Scathing Book Reviews of Angels and Demons, by Dan Brown

Angels and Demons by Dan Brown is the prequel to the book The Davinci Code.  However, the new Angels and Demons movie starring Tom Hanks is the sequel to the  The Da Vinci Code Movie. Sound confusing?  Just wait ’til you read the book.

Anyone whose read any of my little review summaries can tell that as much as I like a well written Scathing Review, I don’t really wish the author ill.  However, Dan Brown is just making too much @*%! up and passing it off as research to give him a pass.  Anyone that uses the book Holy Blood, Holy Grail as a supposedly factual foundation for their fictional story is just ~asking~ for criticism, and if that SPOILERy review at the bottom of this post is the real ending, he deserves as much grief as he can get.  The writers of these Scathing Book Reviews of Angels and Demons think the book is devilishly bad: 

There is no way you could use the words “good” and “Dan Brown’s writing” in the same sentence unless you were saying something like “Dan Brown’s writing most definitely is not good. It makes people want to gouge their eyes out.”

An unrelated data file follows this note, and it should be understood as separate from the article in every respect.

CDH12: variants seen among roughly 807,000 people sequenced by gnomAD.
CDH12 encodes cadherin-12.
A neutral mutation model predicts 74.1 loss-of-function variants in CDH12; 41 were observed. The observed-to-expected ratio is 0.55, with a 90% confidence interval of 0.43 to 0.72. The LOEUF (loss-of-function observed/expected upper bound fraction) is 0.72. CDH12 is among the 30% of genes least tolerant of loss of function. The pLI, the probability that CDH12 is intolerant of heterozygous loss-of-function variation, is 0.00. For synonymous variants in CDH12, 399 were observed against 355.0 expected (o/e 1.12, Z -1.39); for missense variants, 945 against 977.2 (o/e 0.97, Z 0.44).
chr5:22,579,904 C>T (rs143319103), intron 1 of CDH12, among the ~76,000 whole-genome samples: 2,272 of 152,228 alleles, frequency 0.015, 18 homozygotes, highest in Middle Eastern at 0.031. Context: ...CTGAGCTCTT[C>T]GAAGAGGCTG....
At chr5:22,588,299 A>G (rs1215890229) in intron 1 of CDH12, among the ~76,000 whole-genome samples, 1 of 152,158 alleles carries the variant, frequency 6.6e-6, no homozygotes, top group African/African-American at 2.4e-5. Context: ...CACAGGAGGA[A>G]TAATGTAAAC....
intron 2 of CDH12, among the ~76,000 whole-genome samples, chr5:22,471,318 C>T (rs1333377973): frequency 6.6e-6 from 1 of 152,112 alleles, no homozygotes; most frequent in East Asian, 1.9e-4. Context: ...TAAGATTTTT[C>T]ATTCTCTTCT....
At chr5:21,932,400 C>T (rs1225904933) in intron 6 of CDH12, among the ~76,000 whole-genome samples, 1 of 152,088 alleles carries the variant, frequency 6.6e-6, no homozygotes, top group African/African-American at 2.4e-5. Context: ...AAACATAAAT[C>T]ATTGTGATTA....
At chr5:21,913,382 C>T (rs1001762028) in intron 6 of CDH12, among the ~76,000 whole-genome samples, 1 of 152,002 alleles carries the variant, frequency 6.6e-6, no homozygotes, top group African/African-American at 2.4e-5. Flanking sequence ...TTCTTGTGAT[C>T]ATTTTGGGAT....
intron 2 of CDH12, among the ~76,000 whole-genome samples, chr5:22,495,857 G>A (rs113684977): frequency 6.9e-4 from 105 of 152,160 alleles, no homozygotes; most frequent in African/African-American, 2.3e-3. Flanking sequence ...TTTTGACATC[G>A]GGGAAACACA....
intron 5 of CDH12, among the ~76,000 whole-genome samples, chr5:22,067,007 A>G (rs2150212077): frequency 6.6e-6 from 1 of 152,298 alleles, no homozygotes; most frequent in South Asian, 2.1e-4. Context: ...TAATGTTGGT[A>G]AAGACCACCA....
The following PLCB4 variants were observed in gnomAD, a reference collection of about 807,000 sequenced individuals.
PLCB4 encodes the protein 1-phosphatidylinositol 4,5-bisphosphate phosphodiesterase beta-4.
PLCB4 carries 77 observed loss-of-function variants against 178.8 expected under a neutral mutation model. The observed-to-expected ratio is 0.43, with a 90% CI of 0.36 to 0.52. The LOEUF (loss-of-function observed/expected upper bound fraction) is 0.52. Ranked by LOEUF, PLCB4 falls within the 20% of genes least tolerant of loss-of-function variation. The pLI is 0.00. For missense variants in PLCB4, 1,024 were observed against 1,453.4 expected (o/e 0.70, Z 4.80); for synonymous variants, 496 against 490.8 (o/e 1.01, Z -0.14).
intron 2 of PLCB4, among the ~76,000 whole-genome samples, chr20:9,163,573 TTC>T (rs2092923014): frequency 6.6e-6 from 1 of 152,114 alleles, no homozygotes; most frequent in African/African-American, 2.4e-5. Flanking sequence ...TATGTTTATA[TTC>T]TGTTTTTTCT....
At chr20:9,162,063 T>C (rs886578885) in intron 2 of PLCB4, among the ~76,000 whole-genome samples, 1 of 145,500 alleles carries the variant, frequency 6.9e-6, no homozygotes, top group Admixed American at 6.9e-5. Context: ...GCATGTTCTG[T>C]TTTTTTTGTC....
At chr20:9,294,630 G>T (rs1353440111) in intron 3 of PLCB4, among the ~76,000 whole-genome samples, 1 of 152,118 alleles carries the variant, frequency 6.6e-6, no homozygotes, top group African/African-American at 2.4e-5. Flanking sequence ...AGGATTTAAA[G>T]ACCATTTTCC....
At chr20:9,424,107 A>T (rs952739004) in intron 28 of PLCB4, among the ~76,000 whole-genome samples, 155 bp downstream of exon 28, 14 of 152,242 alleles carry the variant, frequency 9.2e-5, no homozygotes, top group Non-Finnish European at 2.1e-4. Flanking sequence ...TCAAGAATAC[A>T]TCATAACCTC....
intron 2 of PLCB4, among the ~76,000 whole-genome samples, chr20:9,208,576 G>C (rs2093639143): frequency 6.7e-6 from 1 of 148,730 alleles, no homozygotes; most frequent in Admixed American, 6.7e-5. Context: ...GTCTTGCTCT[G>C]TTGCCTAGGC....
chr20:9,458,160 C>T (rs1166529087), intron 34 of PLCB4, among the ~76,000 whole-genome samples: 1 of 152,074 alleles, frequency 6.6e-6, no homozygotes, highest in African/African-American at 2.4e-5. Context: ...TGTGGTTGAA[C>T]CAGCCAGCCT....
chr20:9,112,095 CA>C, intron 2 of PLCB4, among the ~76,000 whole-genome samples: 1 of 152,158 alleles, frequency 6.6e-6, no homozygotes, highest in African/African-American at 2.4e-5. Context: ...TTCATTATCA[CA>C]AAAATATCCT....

…and:

60 pages into the book I’ve decided the best course of action is to burn it.

…and:

The theatrical exclamations had me laughing incredulously. Example: When a woman happens upon the lone eyeball of her mutilated father, Mr. Brown (with all the grace of a third grader telling a flashlight ghost story), breathes, “She would have known that shade of hazel anywhere!” Stumbling onto a lone eyeball is commonplace, it seems. But… this eyeball looks familiar somehow… (Have we met before?) I’m waiting for this to dissolve into a Saturday Night Live sketch.

…and:

I have a bad habit. Once I start a book, I finish it, Hell or high water. Only thus can I explain how I got through this one.

…and: